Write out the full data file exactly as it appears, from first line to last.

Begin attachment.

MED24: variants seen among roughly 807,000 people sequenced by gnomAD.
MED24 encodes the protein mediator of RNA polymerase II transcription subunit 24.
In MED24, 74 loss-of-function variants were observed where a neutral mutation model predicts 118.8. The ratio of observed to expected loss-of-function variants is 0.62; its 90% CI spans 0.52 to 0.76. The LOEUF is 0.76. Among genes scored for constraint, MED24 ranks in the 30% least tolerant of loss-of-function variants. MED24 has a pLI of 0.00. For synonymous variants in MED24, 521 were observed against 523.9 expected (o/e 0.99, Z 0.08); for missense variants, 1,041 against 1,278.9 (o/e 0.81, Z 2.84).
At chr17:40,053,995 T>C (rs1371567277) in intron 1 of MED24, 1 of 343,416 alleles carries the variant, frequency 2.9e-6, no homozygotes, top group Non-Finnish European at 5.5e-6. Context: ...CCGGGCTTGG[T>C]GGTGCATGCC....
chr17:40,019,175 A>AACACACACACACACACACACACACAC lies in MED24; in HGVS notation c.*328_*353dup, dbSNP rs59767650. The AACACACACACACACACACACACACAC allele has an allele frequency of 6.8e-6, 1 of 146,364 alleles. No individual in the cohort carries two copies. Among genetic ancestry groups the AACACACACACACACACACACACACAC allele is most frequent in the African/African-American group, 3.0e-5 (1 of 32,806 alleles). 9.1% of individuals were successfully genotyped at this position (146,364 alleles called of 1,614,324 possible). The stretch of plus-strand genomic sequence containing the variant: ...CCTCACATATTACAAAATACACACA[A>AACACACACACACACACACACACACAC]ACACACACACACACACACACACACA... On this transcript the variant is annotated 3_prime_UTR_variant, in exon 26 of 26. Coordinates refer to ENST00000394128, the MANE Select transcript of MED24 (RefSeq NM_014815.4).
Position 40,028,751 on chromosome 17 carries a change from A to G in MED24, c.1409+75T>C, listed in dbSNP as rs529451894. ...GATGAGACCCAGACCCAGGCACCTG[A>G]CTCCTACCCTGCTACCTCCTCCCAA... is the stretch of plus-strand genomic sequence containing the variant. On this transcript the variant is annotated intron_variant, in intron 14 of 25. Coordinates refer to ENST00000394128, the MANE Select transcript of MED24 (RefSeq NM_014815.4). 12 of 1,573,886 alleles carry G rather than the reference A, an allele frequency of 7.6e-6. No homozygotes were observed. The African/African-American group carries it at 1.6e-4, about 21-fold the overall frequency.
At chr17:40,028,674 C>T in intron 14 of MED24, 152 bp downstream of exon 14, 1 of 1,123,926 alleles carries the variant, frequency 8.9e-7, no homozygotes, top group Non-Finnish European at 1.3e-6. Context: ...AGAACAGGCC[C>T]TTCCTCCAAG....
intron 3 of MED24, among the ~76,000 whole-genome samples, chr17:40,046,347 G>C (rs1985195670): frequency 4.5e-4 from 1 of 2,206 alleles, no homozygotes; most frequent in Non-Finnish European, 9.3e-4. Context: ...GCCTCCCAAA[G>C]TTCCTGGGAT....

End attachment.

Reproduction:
MED24: variants seen among roughly 807,000 people sequenced by gnomAD.
MED24 encodes the protein mediator of RNA polymerase II transcription subunit 24.
In MED24, 74 loss-of-function variants were observed where a neutral mutation model predicts 118.8. The ratio of observed to expected loss-of-function variants is 0.62; its 90% CI spans 0.52 to 0.76. The LOEUF is 0.76. Among genes scored for constraint, MED24 ranks in the 30% least tolerant of loss-of-function variants. MED24 has a pLI of 0.00. For synonymous variants in MED24, 521 were observed against 523.9 expected (o/e 0.99, Z 0.08); for missense variants, 1,041 against 1,278.9 (o/e 0.81, Z 2.84).
At chr17:40,053,995 T>C (rs1371567277) in intron 1 of MED24, 1 of 343,416 alleles carries the variant, frequency 2.9e-6, no homozygotes, top group Non-Finnish European at 5.5e-6. Context: ...CCGGGCTTGG[T>C]GGTGCATGCC....
chr17:40,019,175 A>AACACACACACACACACACACACACAC lies in MED24; in HGVS notation c.*328_*353dup, dbSNP rs59767650. The AACACACACACACACACACACACACAC allele has an allele frequency of 6.8e-6, 1 of 146,364 alleles. No individual in the cohort carries two copies. Among genetic ancestry groups the AACACACACACACACACACACACACAC allele is most frequent in the African/African-American group, 3.0e-5 (1 of 32,806 alleles). 9.1% of individuals were successfully genotyped at this position (146,364 alleles called of 1,614,324 possible). The stretch of plus-strand genomic sequence containing the variant: ...CCTCACATATTACAAAATACACACA[A>AACACACACACACACACACACACACAC]ACACACACACACACACACACACACA... On this transcript the variant is annotated 3_prime_UTR_variant, in exon 26 of 26. Coordinates refer to ENST00000394128, the MANE Select transcript of MED24 (RefSeq NM_014815.4).
Position 40,028,751 on chromosome 17 carries a change from A to G in MED24, c.1409+75T>C, listed in dbSNP as rs529451894. ...GATGAGACCCAGACCCAGGCACCTG[A>G]CTCCTACCCTGCTACCTCCTCCCAA... is the stretch of plus-strand genomic sequence containing the variant. On this transcript the variant is annotated intron_variant, in intron 14 of 25. Coordinates refer to ENST00000394128, the MANE Select transcript of MED24 (RefSeq NM_014815.4). 12 of 1,573,886 alleles carry G rather than the reference A, an allele frequency of 7.6e-6. No homozygotes were observed. The African/African-American group carries it at 1.6e-4, about 21-fold the overall frequency.
At chr17:40,028,674 C>T in intron 14 of MED24, 152 bp downstream of exon 14, 1 of 1,123,926 alleles carries the variant, frequency 8.9e-7, no homozygotes, top group Non-Finnish European at 1.3e-6. Context: ...AGAACAGGCC[C>T]TTCCTCCAAG....
intron 3 of MED24, among the ~76,000 whole-genome samples, chr17:40,046,347 G>C (rs1985195670): frequency 4.5e-4 from 1 of 2,206 alleles, no homozygotes; most frequent in Non-Finnish European, 9.3e-4. Context: ...GCCTCCCAAA[G>C]TTCCTGGGAT....